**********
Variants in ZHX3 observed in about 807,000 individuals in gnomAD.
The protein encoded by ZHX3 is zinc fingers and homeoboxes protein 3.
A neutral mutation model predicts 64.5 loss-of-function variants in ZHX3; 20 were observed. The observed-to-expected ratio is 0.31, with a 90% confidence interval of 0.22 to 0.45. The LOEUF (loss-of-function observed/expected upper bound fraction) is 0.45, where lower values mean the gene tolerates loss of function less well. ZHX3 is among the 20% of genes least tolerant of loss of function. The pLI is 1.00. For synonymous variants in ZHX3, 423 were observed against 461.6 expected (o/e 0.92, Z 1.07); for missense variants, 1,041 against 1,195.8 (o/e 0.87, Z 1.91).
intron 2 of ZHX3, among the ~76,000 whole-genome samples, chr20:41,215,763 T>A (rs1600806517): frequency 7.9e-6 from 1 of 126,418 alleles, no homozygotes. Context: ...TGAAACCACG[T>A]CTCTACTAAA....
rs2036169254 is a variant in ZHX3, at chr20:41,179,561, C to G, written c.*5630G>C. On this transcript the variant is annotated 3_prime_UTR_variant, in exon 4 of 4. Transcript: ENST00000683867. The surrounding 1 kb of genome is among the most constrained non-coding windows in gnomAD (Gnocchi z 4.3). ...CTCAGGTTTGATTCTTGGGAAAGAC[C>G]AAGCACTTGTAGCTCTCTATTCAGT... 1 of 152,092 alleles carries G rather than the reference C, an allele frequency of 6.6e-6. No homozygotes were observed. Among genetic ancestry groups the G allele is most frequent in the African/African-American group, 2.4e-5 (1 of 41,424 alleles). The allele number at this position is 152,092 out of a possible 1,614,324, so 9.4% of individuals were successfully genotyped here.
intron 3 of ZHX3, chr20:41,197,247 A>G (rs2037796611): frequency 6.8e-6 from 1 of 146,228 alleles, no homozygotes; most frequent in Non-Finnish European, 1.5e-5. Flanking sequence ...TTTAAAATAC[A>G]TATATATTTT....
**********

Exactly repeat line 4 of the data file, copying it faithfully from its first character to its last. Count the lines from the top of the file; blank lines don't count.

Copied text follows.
intron 2 of ZHX3, among the ~76,000 whole-genome samples, chr20:41,215,763 T>A (rs1600806517): frequency 7.9e-6 from 1 of 126,418 alleles, no homozygotes. Context: ...TGAAACCACG[T>A]CTCTACTAAA....